Hunkered down in the corridors of power, the members of the EPRDF coalition must have realised they had to deliver a Prime Minister that, even if he did not represent real change, would symbolise one. This is perhaps the biggest reason why Abiy Ahmed was nominated by the coalition on 27th March to be its Chairman and the country’s Prime Minister; and confirmed by the Parliament on 31st March.

Abiy is an Oromo. The son of a Muslim father and a Christian mother, he will be the first Oromo to lead the country since the overthrow of Mengitsu. Much has been made of it, and it does means a lot indeed. The 42-year-old Abiy also knows it. He has deftly stepped into his role as the bridge into a new, more politically open and representative Ethiopia.

In his speech after being confirmed by the Ethiopian Parliament, he played into this symbolism, proclaiming, “…we have been given so many opportunities at different junctures to chart a new political beginning. Many of them passed… This… is another historical opportunity to start a new chapter. Therefore, it is important that we make use of it appropriately with the spirit of utmost responsibility.”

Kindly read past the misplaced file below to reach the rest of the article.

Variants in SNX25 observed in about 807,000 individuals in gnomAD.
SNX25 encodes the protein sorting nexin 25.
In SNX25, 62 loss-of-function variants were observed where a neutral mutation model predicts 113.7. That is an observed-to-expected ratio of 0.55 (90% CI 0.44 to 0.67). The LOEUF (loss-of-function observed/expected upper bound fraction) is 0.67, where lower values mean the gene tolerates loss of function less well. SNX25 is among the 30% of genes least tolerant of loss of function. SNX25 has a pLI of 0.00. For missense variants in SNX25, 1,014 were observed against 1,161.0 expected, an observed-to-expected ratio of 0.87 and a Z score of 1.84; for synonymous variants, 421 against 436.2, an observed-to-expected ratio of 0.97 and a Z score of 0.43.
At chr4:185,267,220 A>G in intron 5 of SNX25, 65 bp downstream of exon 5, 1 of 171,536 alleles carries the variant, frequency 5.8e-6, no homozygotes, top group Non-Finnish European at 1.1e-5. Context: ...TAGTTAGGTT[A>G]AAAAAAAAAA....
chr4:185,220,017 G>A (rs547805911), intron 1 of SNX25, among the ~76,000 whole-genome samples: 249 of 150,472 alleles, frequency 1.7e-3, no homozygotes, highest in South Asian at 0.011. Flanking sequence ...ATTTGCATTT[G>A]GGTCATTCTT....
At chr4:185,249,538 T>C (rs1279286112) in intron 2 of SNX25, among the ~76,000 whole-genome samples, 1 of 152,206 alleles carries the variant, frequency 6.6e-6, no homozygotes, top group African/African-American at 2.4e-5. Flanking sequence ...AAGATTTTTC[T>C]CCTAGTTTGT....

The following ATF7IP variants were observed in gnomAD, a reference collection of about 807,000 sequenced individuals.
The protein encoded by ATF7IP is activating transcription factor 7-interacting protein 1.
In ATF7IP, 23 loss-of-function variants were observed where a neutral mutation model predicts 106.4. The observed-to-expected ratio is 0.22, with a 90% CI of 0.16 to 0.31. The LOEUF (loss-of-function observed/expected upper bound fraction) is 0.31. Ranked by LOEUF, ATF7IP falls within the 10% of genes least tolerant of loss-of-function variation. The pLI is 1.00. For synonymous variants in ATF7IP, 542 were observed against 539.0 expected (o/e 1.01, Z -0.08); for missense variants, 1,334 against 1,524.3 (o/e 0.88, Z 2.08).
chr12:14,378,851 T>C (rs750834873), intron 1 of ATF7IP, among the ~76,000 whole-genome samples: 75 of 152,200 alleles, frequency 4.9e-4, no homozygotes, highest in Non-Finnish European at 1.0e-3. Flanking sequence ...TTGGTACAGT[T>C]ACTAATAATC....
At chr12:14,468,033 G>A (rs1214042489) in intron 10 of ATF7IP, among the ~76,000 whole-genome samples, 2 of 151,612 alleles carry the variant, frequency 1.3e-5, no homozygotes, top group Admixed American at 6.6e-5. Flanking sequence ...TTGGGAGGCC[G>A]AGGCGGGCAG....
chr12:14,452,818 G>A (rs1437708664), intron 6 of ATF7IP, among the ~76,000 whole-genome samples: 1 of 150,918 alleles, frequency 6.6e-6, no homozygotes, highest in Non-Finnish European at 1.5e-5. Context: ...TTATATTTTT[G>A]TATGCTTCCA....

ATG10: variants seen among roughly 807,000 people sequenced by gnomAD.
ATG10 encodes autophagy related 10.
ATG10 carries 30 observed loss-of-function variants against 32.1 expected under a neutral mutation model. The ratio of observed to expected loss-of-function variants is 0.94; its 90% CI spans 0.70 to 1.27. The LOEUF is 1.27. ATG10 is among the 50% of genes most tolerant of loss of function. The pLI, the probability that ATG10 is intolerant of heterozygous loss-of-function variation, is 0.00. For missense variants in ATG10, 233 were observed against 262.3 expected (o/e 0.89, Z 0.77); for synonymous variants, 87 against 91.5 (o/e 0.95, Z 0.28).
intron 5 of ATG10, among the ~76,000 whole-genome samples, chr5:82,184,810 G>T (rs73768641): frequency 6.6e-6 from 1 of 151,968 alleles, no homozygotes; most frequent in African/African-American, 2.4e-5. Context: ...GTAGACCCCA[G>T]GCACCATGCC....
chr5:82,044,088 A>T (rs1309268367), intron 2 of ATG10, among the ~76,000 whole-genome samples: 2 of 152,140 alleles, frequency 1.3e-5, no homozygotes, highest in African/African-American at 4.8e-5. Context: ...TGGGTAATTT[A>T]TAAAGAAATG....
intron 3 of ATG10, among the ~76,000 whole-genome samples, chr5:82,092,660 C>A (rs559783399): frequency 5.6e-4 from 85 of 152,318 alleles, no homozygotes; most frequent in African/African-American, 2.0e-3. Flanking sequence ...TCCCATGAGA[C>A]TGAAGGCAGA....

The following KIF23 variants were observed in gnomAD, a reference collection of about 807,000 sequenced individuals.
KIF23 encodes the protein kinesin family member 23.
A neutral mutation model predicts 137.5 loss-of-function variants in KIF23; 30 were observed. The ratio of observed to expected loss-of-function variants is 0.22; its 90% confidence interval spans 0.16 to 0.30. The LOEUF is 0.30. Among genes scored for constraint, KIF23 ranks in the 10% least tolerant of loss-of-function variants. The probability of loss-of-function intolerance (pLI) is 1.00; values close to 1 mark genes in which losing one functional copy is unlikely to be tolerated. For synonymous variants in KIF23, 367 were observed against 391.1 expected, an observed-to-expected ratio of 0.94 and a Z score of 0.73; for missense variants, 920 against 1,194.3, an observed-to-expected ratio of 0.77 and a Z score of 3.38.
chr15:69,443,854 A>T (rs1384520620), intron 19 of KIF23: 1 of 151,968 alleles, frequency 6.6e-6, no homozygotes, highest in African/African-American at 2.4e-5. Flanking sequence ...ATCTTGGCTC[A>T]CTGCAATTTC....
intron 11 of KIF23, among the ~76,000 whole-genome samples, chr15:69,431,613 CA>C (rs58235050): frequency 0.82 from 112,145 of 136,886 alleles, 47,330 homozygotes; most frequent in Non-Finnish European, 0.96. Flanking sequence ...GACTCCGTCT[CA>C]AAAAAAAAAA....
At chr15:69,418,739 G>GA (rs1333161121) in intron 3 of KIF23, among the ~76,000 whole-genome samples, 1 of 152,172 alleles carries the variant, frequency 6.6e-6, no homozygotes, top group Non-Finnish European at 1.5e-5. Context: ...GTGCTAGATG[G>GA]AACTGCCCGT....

But it is his ability to deliver real change – including to the lopsided structure of the EPRDF – that will actually define his legacy. And this will depend a lot on the trust he earns from the protestors, who played as big a role in his ascension as the EPRDF itself.

The protestors have learnt the power of insistent protest. They are now more than ready to use it again to push for the resolution of their grievances. Many of them are cautiously optimistic, and have signalled their willingness to give Abiy a chance.

He better take it and use it well. For, in the words of one of the protestors in reaction to Abiy’s confirmation, “It does not mean that we have now gained freedom, just because he is an Oromo. We young people want a fundamental change, and if that does not happen we Qeerroo (Oromo word meaning youth) will rise up again.”

Mathew Otieno writes from Nairobi, Kenya.

Mathew Otieno

Mathew Otieno writes from Kisumu, Kenya.